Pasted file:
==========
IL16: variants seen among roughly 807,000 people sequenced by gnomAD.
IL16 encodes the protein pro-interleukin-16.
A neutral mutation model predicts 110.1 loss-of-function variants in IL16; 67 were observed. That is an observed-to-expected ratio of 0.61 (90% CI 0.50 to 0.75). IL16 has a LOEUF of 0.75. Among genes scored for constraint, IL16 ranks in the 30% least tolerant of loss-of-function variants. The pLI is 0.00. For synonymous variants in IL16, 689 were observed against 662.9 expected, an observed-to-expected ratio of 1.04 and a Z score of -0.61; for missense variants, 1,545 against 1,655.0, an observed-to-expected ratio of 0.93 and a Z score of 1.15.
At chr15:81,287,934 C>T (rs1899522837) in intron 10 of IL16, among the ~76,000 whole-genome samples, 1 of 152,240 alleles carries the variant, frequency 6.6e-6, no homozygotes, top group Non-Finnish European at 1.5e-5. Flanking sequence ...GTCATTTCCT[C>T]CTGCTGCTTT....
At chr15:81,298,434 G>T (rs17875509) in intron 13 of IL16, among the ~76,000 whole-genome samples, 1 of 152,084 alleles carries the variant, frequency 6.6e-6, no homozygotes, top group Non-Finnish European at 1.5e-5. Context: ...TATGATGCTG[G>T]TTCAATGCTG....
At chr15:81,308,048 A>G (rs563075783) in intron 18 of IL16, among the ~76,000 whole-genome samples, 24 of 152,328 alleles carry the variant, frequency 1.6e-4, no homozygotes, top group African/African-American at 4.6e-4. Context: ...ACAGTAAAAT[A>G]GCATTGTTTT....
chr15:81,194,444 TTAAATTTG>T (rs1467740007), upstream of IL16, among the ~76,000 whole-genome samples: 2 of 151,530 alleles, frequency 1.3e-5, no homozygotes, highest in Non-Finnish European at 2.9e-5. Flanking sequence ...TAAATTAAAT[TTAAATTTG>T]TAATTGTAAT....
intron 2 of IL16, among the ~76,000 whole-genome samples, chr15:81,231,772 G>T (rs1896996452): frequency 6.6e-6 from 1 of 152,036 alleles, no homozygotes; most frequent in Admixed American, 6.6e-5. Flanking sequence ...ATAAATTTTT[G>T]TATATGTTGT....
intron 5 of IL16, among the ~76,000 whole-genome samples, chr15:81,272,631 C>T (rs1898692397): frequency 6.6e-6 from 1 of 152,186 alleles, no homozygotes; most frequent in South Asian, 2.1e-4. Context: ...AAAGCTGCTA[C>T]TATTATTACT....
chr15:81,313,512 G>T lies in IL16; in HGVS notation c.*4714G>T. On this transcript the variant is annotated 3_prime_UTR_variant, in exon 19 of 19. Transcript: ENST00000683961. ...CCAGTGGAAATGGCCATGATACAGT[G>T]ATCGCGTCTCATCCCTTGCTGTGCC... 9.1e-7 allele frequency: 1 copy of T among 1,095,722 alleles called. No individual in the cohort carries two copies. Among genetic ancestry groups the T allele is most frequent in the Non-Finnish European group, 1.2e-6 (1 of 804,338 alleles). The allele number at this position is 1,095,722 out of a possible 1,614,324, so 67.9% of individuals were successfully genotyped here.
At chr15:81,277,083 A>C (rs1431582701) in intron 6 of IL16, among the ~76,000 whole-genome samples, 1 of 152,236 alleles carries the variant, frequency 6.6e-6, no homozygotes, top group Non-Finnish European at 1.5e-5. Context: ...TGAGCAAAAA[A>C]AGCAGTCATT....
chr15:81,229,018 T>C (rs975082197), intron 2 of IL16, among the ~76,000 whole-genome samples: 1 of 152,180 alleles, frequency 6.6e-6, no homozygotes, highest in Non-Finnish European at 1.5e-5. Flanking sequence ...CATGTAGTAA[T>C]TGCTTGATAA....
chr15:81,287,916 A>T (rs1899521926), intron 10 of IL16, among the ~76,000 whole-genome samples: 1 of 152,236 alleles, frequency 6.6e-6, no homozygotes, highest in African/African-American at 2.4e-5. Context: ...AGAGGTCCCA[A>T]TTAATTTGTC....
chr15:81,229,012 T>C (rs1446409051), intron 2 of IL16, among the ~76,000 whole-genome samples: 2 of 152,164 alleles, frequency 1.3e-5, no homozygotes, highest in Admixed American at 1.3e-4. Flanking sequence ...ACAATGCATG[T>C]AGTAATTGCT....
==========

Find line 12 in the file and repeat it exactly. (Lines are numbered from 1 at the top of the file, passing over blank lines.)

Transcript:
chr15:81,229,018 T>C (rs975082197), intron 2 of IL16, among the ~76,000 whole-genome samples: 1 of 152,180 alleles, frequency 6.6e-6, no homozygotes, highest in Non-Finnish European at 1.5e-5. Flanking sequence ...CATGTAGTAA[T>C]TGCTTGATAA....